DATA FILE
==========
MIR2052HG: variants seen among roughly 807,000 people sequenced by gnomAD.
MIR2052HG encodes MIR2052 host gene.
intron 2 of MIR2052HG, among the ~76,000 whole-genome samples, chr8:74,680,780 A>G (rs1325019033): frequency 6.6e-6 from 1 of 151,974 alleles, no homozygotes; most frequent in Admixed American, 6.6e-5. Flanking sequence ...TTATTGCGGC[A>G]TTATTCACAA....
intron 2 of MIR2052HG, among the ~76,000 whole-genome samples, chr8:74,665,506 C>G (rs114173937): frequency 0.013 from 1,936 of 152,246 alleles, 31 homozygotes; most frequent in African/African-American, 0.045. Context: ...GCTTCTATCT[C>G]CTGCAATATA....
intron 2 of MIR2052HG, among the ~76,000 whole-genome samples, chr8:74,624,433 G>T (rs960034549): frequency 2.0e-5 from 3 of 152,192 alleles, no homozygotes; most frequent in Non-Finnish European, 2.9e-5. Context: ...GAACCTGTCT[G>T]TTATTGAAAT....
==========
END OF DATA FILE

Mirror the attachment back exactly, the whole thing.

MIR2052HG: variants seen among roughly 807,000 people sequenced by gnomAD.
MIR2052HG encodes MIR2052 host gene.
intron 2 of MIR2052HG, among the ~76,000 whole-genome samples, chr8:74,680,780 A>G (rs1325019033): frequency 6.6e-6 from 1 of 151,974 alleles, no homozygotes; most frequent in Admixed American, 6.6e-5. Flanking sequence ...TTATTGCGGC[A>G]TTATTCACAA....
intron 2 of MIR2052HG, among the ~76,000 whole-genome samples, chr8:74,665,506 C>G (rs114173937): frequency 0.013 from 1,936 of 152,246 alleles, 31 homozygotes; most frequent in African/African-American, 0.045. Context: ...GCTTCTATCT[C>G]CTGCAATATA....
intron 2 of MIR2052HG, among the ~76,000 whole-genome samples, chr8:74,624,433 G>T (rs960034549): frequency 2.0e-5 from 3 of 152,192 alleles, no homozygotes; most frequent in Non-Finnish European, 2.9e-5. Context: ...GAACCTGTCT[G>T]TTATTGAAAT....